→ Dig Deeper: Mirai Botnet Creates Army of IoT Orcs
4. Cybercriminals and Hacktivists Are the Main Perpetrators
In the coming months, it’s expected that criminals will discover ways to profit from these attacks, such as through extortion. The authors of Mirai voluntarily released their code to the public—an action unlikely from a government-backed team. However, the effectiveness of IoT botnets hasn’t gone unnoticed, and it’s a good bet that nation-states are already working on similar strategies but with significantly more advanced capabilities.
Over time, expect cybercriminals and hacktivists to remain the main culprits behind these attacks. In the immediate future, these groups will continue to exploit insecure IoT devices to enact devastating DDoS attacks, constantly evolving their methods to stay ahead of defenses.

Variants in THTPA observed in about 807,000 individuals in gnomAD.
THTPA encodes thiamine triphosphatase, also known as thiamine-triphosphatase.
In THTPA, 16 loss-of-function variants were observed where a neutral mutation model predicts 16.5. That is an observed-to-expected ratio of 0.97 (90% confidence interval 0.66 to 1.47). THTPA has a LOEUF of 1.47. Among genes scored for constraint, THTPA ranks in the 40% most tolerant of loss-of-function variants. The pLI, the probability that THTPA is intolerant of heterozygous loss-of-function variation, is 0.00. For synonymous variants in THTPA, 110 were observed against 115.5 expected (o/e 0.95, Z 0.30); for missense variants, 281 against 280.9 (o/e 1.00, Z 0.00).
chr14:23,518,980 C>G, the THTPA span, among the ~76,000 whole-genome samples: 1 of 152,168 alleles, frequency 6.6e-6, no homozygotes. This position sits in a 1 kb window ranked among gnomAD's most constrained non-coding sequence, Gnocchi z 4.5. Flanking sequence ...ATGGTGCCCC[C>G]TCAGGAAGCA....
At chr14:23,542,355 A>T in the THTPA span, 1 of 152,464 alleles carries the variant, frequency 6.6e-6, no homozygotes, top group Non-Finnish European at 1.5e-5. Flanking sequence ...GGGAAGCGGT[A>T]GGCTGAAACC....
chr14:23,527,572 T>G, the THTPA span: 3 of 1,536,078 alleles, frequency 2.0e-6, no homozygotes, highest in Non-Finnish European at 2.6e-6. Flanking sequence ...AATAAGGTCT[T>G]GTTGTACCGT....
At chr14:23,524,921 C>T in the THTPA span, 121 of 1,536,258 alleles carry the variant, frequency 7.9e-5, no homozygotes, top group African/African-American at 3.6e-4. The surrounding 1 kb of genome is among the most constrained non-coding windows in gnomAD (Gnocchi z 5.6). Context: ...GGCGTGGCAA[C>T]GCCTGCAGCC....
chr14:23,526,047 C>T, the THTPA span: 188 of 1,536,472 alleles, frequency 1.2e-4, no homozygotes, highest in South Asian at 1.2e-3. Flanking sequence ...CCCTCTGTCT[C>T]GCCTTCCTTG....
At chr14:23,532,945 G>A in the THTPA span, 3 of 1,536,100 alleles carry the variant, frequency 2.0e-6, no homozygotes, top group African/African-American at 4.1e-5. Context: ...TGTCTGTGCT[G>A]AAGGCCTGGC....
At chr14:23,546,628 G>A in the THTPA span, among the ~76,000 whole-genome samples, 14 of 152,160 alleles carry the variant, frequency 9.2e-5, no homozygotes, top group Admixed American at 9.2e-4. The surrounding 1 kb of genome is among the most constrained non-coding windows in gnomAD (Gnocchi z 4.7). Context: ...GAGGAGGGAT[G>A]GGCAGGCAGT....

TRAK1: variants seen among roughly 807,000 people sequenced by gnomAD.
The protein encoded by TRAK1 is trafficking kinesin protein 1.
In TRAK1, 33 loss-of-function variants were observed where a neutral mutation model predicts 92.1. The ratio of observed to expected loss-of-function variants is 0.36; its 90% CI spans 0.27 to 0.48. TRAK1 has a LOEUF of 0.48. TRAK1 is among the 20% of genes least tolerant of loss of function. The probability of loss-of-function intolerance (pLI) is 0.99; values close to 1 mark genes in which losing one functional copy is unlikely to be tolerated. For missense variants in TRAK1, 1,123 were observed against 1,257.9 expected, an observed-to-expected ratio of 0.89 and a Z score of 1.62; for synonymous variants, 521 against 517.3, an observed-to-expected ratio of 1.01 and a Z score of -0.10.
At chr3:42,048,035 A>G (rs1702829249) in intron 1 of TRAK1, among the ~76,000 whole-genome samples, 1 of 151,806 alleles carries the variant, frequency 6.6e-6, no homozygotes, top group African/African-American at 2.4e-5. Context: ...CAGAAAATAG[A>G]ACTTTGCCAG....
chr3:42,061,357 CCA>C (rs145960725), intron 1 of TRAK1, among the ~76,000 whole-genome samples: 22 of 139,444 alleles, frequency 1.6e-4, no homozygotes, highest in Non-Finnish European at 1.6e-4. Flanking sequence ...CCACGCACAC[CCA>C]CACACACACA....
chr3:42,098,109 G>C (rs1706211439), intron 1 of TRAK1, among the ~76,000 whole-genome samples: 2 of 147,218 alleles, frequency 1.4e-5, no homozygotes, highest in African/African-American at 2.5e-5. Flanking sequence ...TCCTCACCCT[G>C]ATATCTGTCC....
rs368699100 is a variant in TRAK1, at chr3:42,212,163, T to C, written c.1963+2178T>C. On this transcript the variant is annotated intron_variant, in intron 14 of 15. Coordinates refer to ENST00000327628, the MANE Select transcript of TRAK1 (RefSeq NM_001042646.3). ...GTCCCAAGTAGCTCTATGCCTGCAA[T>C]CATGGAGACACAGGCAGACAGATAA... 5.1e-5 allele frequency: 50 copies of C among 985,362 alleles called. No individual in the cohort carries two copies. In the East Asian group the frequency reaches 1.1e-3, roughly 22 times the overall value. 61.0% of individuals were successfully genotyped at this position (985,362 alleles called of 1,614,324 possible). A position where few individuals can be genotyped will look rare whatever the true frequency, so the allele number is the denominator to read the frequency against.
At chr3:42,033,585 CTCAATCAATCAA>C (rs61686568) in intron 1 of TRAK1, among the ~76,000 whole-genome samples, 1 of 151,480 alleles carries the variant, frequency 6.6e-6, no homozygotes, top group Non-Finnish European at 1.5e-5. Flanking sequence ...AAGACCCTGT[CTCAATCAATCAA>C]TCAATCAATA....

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5. It Will Likely Get Worse Before It Gets Better
Unfortunately, the majority of IoT devices lack robust security defenses. The devices currently being targeted are the most vulnerable, many of which have default passwords easily accessible online. Unless the owner changes the default password, hackers can quickly and easily gain control of these devices. With each device they compromise, they gain another soldier for their botnet.
To improve this situation, several factors must be addressed. Devices must be designed with security at the forefront; they must be configured correctly and continuously managed to keep their security up-to-date. This will require both technical advancements and behavioral changes to stay in line with the evolving tactics of hackers.
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Securing IoT devices is now a critical issue for everyone. The sheer number of IoT devices, combined with their vulnerability, provides cybercriminals and hacktivists with a vast pool of resources to fuel potent DDoS campaigns. We are just beginning to observe the attacks and issues surrounding IoT security. Until the implementation of comprehensive controls and responsible behaviors becomes commonplace, we will continue to face these challenges. By understanding these issues, we take the first steps toward a more secure future.